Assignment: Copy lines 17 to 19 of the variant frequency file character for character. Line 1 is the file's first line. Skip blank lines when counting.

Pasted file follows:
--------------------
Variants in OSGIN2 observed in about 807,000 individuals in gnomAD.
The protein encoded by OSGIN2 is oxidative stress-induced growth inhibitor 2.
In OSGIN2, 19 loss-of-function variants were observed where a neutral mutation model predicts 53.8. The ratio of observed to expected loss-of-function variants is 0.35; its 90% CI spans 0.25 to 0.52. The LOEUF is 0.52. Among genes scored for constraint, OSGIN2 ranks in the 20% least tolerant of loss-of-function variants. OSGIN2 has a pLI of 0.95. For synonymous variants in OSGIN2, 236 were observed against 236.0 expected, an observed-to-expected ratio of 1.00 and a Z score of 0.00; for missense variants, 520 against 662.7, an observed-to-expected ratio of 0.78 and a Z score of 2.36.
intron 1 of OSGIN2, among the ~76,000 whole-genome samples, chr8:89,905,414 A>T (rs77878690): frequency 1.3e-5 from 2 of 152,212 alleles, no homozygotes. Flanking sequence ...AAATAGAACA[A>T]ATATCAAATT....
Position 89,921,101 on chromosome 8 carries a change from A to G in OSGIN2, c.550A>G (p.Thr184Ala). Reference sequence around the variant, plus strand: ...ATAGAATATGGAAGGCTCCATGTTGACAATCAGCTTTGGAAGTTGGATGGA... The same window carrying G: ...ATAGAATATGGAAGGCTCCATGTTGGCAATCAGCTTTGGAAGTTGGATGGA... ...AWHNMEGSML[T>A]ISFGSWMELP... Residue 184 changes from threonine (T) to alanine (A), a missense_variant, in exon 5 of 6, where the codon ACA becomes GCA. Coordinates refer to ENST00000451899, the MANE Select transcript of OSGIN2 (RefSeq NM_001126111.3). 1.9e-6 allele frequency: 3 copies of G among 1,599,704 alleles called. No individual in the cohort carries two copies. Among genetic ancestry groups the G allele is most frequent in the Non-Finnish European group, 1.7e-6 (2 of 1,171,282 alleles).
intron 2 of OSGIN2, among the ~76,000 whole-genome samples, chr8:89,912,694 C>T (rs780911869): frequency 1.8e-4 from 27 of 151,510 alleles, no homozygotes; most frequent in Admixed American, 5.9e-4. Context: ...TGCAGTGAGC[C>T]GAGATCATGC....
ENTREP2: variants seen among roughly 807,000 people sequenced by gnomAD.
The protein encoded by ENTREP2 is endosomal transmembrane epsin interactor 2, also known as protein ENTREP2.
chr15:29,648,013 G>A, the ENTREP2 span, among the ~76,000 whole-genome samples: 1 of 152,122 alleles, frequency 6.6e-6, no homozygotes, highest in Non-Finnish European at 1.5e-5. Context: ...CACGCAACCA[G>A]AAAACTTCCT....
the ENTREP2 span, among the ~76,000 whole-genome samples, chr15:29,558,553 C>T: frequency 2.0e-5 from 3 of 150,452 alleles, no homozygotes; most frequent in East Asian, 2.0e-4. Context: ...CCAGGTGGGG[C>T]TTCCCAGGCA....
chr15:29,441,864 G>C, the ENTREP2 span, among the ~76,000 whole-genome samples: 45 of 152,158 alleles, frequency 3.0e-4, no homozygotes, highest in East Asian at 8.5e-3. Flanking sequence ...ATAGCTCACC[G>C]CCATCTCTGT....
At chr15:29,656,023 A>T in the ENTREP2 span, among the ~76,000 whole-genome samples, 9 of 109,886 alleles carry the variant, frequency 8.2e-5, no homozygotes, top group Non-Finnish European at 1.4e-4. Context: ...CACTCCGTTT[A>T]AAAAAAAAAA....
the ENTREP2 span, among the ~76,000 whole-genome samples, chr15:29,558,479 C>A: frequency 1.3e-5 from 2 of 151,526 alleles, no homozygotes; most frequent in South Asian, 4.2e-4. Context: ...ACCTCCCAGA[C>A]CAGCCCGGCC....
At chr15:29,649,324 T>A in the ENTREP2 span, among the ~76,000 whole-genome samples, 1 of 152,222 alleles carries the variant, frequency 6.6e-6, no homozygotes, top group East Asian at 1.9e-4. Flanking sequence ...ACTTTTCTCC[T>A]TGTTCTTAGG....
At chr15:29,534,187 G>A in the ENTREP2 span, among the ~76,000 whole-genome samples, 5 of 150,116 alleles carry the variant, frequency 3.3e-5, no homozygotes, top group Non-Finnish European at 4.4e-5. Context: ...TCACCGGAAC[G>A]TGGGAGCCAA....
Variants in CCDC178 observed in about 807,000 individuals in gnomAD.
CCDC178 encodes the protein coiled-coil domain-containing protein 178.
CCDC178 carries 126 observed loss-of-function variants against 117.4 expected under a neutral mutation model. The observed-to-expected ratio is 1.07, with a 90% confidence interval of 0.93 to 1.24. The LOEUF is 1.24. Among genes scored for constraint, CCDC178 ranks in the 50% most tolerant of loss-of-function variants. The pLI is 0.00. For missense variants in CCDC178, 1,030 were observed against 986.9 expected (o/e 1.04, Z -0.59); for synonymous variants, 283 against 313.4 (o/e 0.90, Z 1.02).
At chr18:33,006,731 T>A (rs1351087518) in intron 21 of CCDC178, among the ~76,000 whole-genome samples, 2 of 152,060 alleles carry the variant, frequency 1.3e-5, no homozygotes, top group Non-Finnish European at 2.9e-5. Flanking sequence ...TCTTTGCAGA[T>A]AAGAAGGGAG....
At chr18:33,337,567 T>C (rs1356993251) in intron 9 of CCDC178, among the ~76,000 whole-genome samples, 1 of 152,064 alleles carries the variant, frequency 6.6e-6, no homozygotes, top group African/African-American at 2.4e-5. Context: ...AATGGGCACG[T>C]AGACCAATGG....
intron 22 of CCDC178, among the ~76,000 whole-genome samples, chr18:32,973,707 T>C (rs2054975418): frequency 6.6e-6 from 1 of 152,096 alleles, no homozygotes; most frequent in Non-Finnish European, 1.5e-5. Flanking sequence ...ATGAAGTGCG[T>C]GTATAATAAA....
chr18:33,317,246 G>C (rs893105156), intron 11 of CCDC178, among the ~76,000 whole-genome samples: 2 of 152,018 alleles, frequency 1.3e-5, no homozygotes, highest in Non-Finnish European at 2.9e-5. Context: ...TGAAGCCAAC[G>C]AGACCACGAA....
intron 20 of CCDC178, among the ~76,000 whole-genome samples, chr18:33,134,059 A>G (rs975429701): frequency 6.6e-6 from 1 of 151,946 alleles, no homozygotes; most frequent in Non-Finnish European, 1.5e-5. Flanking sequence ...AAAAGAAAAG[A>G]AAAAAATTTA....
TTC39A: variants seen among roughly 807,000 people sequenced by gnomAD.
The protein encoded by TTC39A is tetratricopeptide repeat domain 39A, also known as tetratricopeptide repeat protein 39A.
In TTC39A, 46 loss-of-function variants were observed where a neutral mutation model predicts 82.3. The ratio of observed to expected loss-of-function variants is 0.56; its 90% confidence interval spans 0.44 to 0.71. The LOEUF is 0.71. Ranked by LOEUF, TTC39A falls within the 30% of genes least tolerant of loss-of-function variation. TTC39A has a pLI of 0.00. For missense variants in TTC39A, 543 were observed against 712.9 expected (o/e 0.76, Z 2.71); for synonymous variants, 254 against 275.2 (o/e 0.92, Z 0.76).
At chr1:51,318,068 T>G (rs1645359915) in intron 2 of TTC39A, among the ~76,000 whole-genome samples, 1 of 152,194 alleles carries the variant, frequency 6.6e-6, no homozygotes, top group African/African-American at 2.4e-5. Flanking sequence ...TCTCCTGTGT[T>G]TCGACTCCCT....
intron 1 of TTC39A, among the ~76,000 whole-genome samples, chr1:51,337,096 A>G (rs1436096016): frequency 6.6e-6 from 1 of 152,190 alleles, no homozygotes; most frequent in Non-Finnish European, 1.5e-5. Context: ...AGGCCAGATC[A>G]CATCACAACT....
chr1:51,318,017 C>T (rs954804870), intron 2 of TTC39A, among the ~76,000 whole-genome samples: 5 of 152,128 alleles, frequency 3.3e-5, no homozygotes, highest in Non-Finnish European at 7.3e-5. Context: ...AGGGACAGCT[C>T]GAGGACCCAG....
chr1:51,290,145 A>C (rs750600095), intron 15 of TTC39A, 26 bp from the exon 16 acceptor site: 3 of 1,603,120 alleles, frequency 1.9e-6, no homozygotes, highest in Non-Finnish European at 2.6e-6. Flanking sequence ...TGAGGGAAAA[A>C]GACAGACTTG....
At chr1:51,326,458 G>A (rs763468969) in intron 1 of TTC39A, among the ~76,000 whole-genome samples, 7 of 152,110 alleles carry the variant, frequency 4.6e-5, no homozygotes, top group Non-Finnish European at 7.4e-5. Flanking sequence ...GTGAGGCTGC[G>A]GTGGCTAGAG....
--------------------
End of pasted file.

CCDC178 encodes the protein coiled-coil domain-containing protein 178.
CCDC178 carries 126 observed loss-of-function variants against 117.4 expected under a neutral mutation model. The observed-to-expected ratio is 1.07, with a 90% confidence interval of 0.93 to 1.24. The LOEUF is 1.24. Among genes scored for constraint, CCDC178 ranks in the 50% most tolerant of loss-of-function variants. The pLI is 0.00. For missense variants in CCDC178, 1,030 were observed against 986.9 expected (o/e 1.04, Z -0.59); for synonymous variants, 283 against 313.4 (o/e 0.90, Z 1.02).
At chr18:33,006,731 T>A (rs1351087518) in intron 21 of CCDC178, among the ~76,000 whole-genome samples, 2 of 152,060 alleles carry the variant, frequency 1.3e-5, no homozygotes, top group Non-Finnish European at 2.9e-5. Flanking sequence ...TCTTTGCAGA[T>A]AAGAAGGGAG....